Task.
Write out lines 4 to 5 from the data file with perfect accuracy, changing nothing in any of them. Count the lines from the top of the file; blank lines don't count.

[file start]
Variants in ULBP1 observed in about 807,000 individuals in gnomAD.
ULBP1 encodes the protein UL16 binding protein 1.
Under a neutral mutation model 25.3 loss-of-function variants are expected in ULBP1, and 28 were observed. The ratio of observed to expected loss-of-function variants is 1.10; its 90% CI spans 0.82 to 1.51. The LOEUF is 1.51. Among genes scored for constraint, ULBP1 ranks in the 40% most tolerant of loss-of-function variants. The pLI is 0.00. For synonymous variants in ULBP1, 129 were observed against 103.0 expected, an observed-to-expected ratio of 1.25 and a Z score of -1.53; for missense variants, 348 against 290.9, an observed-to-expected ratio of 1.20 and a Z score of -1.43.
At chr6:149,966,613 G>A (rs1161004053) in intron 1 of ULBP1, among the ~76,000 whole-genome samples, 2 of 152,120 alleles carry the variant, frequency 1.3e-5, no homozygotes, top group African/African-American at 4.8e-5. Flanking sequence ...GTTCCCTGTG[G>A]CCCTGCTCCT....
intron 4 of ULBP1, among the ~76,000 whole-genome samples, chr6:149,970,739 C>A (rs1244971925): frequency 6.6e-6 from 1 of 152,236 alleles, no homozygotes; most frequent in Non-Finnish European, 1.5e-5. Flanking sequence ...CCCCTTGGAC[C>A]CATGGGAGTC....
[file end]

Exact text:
At chr6:149,966,613 G>A (rs1161004053) in intron 1 of ULBP1, among the ~76,000 whole-genome samples, 2 of 152,120 alleles carry the variant, frequency 1.3e-5, no homozygotes, top group African/African-American at 4.8e-5. Flanking sequence ...GTTCCCTGTG[G>A]CCCTGCTCCT....
intron 4 of ULBP1, among the ~76,000 whole-genome samples, chr6:149,970,739 C>A (rs1244971925): frequency 6.6e-6 from 1 of 152,236 alleles, no homozygotes; most frequent in Non-Finnish European, 1.5e-5. Flanking sequence ...CCCCTTGGAC[C>A]CATGGGAGTC....